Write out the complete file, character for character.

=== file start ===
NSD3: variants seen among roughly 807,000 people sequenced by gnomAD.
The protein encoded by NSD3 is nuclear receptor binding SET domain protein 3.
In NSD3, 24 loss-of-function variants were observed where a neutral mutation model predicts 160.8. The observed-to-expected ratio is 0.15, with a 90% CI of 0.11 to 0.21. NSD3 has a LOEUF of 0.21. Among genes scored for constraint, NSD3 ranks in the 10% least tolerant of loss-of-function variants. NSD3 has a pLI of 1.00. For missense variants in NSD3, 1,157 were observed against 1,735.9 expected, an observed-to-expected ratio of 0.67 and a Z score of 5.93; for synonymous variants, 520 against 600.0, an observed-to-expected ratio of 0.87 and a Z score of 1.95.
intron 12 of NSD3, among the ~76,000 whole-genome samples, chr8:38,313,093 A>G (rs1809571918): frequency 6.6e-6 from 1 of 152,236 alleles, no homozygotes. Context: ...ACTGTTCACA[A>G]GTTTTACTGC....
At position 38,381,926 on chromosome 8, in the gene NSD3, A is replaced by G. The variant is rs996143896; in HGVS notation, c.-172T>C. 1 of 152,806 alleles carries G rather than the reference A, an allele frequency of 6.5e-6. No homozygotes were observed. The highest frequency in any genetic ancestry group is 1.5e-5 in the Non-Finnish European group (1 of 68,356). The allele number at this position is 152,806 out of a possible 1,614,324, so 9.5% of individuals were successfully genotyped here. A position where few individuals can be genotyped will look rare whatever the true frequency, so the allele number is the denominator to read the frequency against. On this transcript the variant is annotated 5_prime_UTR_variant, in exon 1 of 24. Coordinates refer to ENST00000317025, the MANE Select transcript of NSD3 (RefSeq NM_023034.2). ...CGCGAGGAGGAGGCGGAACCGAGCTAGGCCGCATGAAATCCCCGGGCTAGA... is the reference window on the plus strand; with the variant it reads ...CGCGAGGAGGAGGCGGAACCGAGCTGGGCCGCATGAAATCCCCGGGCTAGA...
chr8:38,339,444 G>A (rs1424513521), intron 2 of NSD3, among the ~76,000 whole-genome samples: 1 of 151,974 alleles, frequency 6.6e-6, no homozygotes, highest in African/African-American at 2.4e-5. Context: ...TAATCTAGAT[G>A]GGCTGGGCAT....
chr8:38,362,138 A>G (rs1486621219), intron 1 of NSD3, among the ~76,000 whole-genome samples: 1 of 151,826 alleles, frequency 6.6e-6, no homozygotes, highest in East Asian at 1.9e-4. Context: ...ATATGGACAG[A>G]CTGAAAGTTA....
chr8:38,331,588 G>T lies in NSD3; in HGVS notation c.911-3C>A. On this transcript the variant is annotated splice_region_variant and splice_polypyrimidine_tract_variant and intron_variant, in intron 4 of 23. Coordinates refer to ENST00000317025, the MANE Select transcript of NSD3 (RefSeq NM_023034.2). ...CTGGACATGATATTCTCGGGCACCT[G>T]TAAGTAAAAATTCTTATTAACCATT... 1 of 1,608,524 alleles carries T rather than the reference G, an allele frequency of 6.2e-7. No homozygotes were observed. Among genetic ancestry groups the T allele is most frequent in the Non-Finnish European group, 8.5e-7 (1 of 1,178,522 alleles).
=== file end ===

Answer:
NSD3: variants seen among roughly 807,000 people sequenced by gnomAD.
The protein encoded by NSD3 is nuclear receptor binding SET domain protein 3.
In NSD3, 24 loss-of-function variants were observed where a neutral mutation model predicts 160.8. The observed-to-expected ratio is 0.15, with a 90% CI of 0.11 to 0.21. NSD3 has a LOEUF of 0.21. Among genes scored for constraint, NSD3 ranks in the 10% least tolerant of loss-of-function variants. NSD3 has a pLI of 1.00. For missense variants in NSD3, 1,157 were observed against 1,735.9 expected, an observed-to-expected ratio of 0.67 and a Z score of 5.93; for synonymous variants, 520 against 600.0, an observed-to-expected ratio of 0.87 and a Z score of 1.95.
intron 12 of NSD3, among the ~76,000 whole-genome samples, chr8:38,313,093 A>G (rs1809571918): frequency 6.6e-6 from 1 of 152,236 alleles, no homozygotes. Context: ...ACTGTTCACA[A>G]GTTTTACTGC....
At position 38,381,926 on chromosome 8, in the gene NSD3, A is replaced by G. The variant is rs996143896; in HGVS notation, c.-172T>C. 1 of 152,806 alleles carries G rather than the reference A, an allele frequency of 6.5e-6. No homozygotes were observed. The highest frequency in any genetic ancestry group is 1.5e-5 in the Non-Finnish European group (1 of 68,356). The allele number at this position is 152,806 out of a possible 1,614,324, so 9.5% of individuals were successfully genotyped here. A position where few individuals can be genotyped will look rare whatever the true frequency, so the allele number is the denominator to read the frequency against. On this transcript the variant is annotated 5_prime_UTR_variant, in exon 1 of 24. Coordinates refer to ENST00000317025, the MANE Select transcript of NSD3 (RefSeq NM_023034.2). ...CGCGAGGAGGAGGCGGAACCGAGCTAGGCCGCATGAAATCCCCGGGCTAGA... is the reference window on the plus strand; with the variant it reads ...CGCGAGGAGGAGGCGGAACCGAGCTGGGCCGCATGAAATCCCCGGGCTAGA...
chr8:38,339,444 G>A (rs1424513521), intron 2 of NSD3, among the ~76,000 whole-genome samples: 1 of 151,974 alleles, frequency 6.6e-6, no homozygotes, highest in African/African-American at 2.4e-5. Context: ...TAATCTAGAT[G>A]GGCTGGGCAT....
chr8:38,362,138 A>G (rs1486621219), intron 1 of NSD3, among the ~76,000 whole-genome samples: 1 of 151,826 alleles, frequency 6.6e-6, no homozygotes, highest in East Asian at 1.9e-4. Context: ...ATATGGACAG[A>G]CTGAAAGTTA....
chr8:38,331,588 G>T lies in NSD3; in HGVS notation c.911-3C>A. On this transcript the variant is annotated splice_region_variant and splice_polypyrimidine_tract_variant and intron_variant, in intron 4 of 23. Coordinates refer to ENST00000317025, the MANE Select transcript of NSD3 (RefSeq NM_023034.2). ...CTGGACATGATATTCTCGGGCACCT[G>T]TAAGTAAAAATTCTTATTAACCATT... 1 of 1,608,524 alleles carries T rather than the reference G, an allele frequency of 6.2e-7. No homozygotes were observed. Among genetic ancestry groups the T allele is most frequent in the Non-Finnish European group, 8.5e-7 (1 of 1,178,522 alleles).